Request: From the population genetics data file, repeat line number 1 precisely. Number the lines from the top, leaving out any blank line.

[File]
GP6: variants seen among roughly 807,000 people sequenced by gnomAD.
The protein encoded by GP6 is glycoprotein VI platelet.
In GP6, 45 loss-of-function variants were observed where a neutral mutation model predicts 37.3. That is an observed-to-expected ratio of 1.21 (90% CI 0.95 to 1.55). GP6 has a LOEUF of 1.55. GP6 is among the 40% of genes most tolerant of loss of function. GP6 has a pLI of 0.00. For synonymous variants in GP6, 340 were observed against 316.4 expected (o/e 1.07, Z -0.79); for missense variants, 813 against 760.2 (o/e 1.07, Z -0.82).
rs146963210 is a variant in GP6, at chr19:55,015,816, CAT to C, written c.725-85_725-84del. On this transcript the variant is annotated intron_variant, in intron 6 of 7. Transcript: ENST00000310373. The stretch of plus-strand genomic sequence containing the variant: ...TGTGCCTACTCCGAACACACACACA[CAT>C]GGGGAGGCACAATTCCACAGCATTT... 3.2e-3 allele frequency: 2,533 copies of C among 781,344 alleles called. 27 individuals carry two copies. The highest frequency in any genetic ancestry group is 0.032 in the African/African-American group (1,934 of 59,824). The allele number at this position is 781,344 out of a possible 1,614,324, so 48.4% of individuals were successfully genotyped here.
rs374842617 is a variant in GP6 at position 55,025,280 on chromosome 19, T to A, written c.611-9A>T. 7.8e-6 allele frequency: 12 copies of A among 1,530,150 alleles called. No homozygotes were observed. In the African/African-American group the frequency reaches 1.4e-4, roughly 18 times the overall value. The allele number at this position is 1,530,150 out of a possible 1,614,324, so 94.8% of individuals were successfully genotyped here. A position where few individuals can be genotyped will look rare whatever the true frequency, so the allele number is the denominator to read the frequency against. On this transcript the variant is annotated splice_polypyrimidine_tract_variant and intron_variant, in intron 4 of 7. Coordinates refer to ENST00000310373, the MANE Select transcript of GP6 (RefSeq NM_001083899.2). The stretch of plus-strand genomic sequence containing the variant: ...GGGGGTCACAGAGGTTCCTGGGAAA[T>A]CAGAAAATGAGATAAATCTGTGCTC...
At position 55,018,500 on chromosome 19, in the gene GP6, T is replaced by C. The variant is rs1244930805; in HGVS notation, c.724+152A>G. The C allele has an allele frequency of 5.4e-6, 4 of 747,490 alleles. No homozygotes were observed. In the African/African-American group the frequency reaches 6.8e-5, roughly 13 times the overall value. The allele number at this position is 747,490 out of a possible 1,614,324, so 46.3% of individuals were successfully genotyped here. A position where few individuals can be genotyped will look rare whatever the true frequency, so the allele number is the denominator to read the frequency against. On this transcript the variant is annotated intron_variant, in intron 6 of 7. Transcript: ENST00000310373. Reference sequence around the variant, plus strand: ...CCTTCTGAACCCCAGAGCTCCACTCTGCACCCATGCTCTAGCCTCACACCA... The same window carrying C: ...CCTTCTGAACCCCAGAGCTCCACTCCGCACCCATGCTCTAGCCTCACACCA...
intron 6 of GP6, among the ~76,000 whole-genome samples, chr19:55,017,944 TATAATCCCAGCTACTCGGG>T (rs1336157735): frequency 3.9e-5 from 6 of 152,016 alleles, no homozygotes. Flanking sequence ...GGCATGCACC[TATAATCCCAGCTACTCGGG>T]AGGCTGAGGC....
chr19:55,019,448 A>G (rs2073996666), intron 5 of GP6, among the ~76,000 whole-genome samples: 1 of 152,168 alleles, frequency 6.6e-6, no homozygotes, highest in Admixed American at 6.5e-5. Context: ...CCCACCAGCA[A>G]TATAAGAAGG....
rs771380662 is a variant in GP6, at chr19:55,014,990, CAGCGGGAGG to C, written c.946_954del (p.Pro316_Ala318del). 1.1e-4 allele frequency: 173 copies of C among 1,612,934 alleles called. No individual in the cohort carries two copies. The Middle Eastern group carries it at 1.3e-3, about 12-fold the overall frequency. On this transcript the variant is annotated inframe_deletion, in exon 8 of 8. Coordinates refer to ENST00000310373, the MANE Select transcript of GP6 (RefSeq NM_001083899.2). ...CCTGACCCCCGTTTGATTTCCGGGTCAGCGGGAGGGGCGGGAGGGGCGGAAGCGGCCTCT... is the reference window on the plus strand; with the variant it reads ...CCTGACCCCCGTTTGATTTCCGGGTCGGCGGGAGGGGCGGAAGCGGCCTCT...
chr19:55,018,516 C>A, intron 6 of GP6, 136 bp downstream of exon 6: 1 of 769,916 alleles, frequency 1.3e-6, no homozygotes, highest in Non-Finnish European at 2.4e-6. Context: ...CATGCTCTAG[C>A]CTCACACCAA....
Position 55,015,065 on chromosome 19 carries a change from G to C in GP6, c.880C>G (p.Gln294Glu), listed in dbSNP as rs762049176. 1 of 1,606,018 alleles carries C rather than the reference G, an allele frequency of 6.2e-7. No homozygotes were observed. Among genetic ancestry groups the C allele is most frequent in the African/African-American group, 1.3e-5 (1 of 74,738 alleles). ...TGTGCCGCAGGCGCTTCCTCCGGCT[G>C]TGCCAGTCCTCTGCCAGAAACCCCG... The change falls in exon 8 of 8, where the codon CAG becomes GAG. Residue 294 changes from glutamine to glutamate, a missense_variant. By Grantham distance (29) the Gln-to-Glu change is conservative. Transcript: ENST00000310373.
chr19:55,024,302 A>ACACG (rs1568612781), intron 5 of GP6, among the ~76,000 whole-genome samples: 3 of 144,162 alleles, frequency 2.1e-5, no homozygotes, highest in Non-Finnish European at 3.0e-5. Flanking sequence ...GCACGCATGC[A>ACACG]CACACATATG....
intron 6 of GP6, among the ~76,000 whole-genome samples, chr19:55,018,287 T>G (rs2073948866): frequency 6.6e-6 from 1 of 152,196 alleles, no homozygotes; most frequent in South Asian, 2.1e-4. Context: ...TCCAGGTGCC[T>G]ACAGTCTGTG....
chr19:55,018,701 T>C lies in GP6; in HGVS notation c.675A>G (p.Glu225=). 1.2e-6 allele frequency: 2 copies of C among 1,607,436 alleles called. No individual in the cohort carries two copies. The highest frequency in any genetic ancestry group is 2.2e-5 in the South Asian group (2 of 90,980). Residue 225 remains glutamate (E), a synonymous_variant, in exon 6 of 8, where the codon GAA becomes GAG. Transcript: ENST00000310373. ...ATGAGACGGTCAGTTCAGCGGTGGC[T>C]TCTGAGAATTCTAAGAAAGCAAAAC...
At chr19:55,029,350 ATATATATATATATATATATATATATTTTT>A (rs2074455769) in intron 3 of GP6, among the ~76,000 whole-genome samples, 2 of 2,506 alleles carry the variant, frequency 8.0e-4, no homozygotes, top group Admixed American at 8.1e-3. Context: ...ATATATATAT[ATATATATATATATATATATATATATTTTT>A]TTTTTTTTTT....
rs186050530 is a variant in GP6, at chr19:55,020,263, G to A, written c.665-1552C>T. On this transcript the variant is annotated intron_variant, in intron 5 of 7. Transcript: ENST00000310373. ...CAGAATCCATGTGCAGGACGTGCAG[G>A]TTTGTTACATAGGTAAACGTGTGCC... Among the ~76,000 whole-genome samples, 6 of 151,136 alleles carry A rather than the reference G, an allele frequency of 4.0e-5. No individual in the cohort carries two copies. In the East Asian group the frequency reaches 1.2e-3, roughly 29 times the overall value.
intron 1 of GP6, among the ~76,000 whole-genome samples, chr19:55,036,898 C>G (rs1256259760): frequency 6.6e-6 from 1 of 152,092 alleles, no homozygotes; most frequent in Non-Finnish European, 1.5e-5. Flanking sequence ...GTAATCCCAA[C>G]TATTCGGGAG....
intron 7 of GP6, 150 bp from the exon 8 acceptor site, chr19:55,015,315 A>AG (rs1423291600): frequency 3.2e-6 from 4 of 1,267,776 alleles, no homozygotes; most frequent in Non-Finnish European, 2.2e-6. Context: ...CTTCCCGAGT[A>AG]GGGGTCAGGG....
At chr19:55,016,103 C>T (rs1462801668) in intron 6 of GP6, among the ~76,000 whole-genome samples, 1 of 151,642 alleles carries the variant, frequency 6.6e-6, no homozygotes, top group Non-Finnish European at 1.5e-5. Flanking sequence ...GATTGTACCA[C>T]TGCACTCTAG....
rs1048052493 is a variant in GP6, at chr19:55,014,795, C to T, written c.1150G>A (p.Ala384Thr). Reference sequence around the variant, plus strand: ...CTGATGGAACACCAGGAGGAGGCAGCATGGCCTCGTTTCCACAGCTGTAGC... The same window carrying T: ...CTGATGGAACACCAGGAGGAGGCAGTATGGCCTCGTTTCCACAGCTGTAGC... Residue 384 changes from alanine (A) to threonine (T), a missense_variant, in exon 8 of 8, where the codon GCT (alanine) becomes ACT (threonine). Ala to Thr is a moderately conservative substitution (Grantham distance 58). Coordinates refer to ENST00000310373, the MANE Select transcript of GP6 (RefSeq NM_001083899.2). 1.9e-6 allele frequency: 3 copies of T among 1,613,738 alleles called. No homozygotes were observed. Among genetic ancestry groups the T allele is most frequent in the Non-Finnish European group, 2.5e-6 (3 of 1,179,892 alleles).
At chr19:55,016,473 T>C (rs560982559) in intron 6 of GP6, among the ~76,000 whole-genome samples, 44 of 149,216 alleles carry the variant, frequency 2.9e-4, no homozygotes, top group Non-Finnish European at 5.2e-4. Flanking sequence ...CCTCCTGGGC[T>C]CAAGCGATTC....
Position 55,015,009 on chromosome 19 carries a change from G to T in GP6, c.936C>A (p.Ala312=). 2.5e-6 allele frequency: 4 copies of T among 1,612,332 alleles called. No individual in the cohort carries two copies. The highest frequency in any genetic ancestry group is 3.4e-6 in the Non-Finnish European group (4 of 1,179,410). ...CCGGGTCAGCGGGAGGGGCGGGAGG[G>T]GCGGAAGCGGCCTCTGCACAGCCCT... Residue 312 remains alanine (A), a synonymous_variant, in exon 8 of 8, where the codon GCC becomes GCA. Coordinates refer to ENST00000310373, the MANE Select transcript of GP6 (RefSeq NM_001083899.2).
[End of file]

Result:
GP6: variants seen among roughly 807,000 people sequenced by gnomAD.